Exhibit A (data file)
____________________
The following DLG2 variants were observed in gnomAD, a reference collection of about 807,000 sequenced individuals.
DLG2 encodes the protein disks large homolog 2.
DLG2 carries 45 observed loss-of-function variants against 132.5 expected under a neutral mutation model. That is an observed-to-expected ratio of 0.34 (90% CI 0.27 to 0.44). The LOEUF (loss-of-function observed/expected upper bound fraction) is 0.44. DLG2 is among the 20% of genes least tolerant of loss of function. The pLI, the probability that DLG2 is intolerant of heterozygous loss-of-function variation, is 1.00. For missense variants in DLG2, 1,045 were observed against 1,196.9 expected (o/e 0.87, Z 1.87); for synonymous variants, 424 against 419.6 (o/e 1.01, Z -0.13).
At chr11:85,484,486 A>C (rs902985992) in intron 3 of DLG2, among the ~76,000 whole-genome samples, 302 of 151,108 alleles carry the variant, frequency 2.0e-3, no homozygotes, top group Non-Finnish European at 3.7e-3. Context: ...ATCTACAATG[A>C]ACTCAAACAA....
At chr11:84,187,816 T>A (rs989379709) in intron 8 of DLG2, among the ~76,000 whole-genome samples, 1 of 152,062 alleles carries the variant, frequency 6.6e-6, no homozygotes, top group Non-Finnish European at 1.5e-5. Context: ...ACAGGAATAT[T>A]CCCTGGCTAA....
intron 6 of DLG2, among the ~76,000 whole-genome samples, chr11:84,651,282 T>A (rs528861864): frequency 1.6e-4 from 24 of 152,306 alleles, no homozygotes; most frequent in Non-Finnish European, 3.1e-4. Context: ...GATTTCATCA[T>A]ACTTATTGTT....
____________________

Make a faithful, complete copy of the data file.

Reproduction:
The following DLG2 variants were observed in gnomAD, a reference collection of about 807,000 sequenced individuals.
DLG2 encodes the protein disks large homolog 2.
DLG2 carries 45 observed loss-of-function variants against 132.5 expected under a neutral mutation model. That is an observed-to-expected ratio of 0.34 (90% CI 0.27 to 0.44). The LOEUF (loss-of-function observed/expected upper bound fraction) is 0.44. DLG2 is among the 20% of genes least tolerant of loss of function. The pLI, the probability that DLG2 is intolerant of heterozygous loss-of-function variation, is 1.00. For missense variants in DLG2, 1,045 were observed against 1,196.9 expected (o/e 0.87, Z 1.87); for synonymous variants, 424 against 419.6 (o/e 1.01, Z -0.13).
At chr11:85,484,486 A>C (rs902985992) in intron 3 of DLG2, among the ~76,000 whole-genome samples, 302 of 151,108 alleles carry the variant, frequency 2.0e-3, no homozygotes, top group Non-Finnish European at 3.7e-3. Context: ...ATCTACAATG[A>C]ACTCAAACAA....
At chr11:84,187,816 T>A (rs989379709) in intron 8 of DLG2, among the ~76,000 whole-genome samples, 1 of 152,062 alleles carries the variant, frequency 6.6e-6, no homozygotes, top group Non-Finnish European at 1.5e-5. Context: ...ACAGGAATAT[T>A]CCCTGGCTAA....
intron 6 of DLG2, among the ~76,000 whole-genome samples, chr11:84,651,282 T>A (rs528861864): frequency 1.6e-4 from 24 of 152,306 alleles, no homozygotes; most frequent in Non-Finnish European, 3.1e-4. Context: ...GATTTCATCA[T>A]ACTTATTGTT....